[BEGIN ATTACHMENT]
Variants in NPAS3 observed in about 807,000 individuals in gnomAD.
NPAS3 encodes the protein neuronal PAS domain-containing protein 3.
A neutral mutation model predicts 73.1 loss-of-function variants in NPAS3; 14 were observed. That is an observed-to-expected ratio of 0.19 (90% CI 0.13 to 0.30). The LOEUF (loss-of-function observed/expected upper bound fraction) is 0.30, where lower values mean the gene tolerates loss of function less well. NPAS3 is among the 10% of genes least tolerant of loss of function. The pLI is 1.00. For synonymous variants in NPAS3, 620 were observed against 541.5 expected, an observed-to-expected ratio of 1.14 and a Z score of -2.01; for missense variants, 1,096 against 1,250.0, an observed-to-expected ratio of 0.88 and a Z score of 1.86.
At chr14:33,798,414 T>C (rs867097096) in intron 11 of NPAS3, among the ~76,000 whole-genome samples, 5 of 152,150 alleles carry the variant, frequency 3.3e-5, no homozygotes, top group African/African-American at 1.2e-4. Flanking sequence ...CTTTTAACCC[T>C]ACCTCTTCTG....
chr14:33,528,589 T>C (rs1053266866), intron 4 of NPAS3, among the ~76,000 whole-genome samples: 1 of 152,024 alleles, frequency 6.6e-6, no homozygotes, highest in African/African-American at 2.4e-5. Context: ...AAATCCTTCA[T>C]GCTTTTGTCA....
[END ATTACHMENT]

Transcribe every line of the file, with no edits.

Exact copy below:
Variants in NPAS3 observed in about 807,000 individuals in gnomAD.
NPAS3 encodes the protein neuronal PAS domain-containing protein 3.
A neutral mutation model predicts 73.1 loss-of-function variants in NPAS3; 14 were observed. That is an observed-to-expected ratio of 0.19 (90% CI 0.13 to 0.30). The LOEUF (loss-of-function observed/expected upper bound fraction) is 0.30, where lower values mean the gene tolerates loss of function less well. NPAS3 is among the 10% of genes least tolerant of loss of function. The pLI is 1.00. For synonymous variants in NPAS3, 620 were observed against 541.5 expected, an observed-to-expected ratio of 1.14 and a Z score of -2.01; for missense variants, 1,096 against 1,250.0, an observed-to-expected ratio of 0.88 and a Z score of 1.86.
At chr14:33,798,414 T>C (rs867097096) in intron 11 of NPAS3, among the ~76,000 whole-genome samples, 5 of 152,150 alleles carry the variant, frequency 3.3e-5, no homozygotes, top group African/African-American at 1.2e-4. Flanking sequence ...CTTTTAACCC[T>C]ACCTCTTCTG....
chr14:33,528,589 T>C (rs1053266866), intron 4 of NPAS3, among the ~76,000 whole-genome samples: 1 of 152,024 alleles, frequency 6.6e-6, no homozygotes, highest in African/African-American at 2.4e-5. Context: ...AAATCCTTCA[T>C]GCTTTTGTCA....